Solution: Change your fertilizer to higher phosphorus than nitrogen to make calla lilies flower.

Inadequacy of water: If your calla lilies do not have enough water, they will fail to bloom. Generally, water is very crucial to all plants for them to function as they are intended. Underwatering or grown in areas with no adequate water will stunt the growth of calla lily. You will start to notice yellowing and wilting.

Solution: Water your calla lily consistently or transfer it to areas with enough water to enjoy the blooms.

Insufficient sun: Just like water, sunlight is very crucial to all plants for photosynthesis. A nutritious and well sun fed calla will be sure to produce healthy-looking and magnificent blooms. Calla lilies tend to enjoy direct sunlight or a lot of indirect sunlight. If deprived, their growth will be stunted, and they won’t bloom.

Solution: Move them to areas where they’ll get enough light. You can also measure using a PASR meter or a foot-candle meter if you’re not sure which parts receive a lot of sunlight, especially when growing them indoors.

Poor soil: the kind of soil is a major determining factor in plants’ growth. Most soils are poor because of their water retention and draining abilities. Also, some soils don’t have enough nutrients. Calla lilies prefer organic and well-drained soils.

Solution: You can always add compost to improve your soils. Also, test for pH values in the soil to identify which nutrients they may be lacking. Always maintain a 6 to 6.5 pH level.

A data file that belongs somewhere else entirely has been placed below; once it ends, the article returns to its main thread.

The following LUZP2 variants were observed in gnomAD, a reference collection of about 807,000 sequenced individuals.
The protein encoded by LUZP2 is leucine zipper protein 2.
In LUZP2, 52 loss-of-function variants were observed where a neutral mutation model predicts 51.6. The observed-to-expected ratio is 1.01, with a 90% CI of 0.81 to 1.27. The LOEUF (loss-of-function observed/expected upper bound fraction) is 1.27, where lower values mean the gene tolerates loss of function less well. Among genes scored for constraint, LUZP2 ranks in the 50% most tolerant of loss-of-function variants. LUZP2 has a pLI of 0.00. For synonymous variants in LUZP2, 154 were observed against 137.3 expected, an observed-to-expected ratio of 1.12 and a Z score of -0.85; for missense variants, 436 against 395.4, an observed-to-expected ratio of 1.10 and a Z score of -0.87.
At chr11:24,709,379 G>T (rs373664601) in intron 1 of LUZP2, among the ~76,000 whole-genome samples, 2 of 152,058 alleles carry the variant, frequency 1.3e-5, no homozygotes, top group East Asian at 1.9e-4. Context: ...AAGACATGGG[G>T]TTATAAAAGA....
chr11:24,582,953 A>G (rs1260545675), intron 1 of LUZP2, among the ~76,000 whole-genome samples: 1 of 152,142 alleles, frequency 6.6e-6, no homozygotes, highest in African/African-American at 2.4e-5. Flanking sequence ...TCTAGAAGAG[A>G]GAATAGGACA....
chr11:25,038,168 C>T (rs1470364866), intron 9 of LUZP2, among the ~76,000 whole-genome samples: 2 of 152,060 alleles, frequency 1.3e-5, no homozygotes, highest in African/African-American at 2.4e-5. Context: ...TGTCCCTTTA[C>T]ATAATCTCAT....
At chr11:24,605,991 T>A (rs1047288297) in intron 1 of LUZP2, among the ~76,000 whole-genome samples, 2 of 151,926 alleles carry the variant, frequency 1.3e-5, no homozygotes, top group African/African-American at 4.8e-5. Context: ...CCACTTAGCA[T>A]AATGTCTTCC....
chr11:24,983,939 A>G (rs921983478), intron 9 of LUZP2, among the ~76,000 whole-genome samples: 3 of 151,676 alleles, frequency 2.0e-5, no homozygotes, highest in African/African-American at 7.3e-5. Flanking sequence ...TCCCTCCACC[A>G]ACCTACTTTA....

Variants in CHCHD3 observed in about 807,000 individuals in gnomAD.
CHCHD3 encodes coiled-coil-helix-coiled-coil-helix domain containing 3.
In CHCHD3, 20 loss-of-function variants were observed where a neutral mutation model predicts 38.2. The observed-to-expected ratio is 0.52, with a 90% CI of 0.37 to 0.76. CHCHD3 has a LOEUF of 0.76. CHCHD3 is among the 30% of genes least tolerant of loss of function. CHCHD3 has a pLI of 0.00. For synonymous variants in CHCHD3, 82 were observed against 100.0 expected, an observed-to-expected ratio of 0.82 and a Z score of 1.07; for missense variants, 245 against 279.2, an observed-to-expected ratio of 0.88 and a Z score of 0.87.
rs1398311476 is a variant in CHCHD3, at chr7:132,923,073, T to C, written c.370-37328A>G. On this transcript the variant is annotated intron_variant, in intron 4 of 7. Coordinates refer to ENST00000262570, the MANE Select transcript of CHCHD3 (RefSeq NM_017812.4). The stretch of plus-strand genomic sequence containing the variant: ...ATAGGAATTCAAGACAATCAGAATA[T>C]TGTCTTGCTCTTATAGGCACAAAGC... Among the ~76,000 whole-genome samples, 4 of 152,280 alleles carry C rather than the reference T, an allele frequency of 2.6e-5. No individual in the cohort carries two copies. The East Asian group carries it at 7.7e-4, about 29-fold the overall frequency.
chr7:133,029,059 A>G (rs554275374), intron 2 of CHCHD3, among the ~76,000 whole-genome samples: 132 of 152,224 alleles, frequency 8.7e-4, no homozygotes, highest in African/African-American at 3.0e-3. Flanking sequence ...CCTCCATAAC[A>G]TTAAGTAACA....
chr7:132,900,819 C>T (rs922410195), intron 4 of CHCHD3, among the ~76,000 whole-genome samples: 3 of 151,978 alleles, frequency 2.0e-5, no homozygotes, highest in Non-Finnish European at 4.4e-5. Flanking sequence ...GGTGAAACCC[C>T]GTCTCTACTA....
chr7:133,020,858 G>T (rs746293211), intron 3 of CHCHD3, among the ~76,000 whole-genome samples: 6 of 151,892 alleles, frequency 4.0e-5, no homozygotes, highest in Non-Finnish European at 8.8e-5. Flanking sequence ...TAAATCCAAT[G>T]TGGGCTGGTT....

All of these remedies take about four weeks to bear fruits. So if you don’t see results after a few days, be patient.

When should you deadhead calla lilies?

Unlike many plants, calla lilies don’t drop their petals once the flowers wilt. After the calla flower dies, it turns green and rolls up into a tube. Once something is dead in most cases, it has no further purpose; therefore, the wilted flowers need to be deadheaded/pruned.

Deadheading improves the look of a plant. It will not be attractive to have dead hanging flowers on a live plant. Secondly, clipping off the wilted flowers will help the plant focus more on producing more energy for the upcoming bloom season. Deadheading should be done after every bloom.

Tip: Nip the branch near the bottom. Do not leave any exposed stem protruding through the leaves but leave behind a small piece of the stem near the base of the plants. https://youtu.be/x2VX8FPeMuY

What Do You Do With Calla Lilies After They Bloom?

It would be best if you did not treat your calla lilies as waste after they bloom. Many people would think, why have them any longer, and they are done blooming? They are not ‘done, done’ blooming but are done only for that period. With that knowledge, you should find ways of keeping them safe for many upcoming blooming seasons. Below are tips for what to do with your calla lilies after they are done blooming.

  • Minimize watering after your Calla Lilies have completed blooming for the season, and the leaves start to turn yellow and then brown.
  • After the foliage dies back totally, cut it down to the ground.
  • Dig out your rhizomes; rub them off lingering dirt and soil.
  • Put bulbs in paper bags or wrap in newspaper. Make sure they are well ventilated in a cool, dry area that retains at least 50 degrees Fahrenheit.

When spring starts, re-plant after there is ultimately no frost in your area, and ground temperatures have warmed.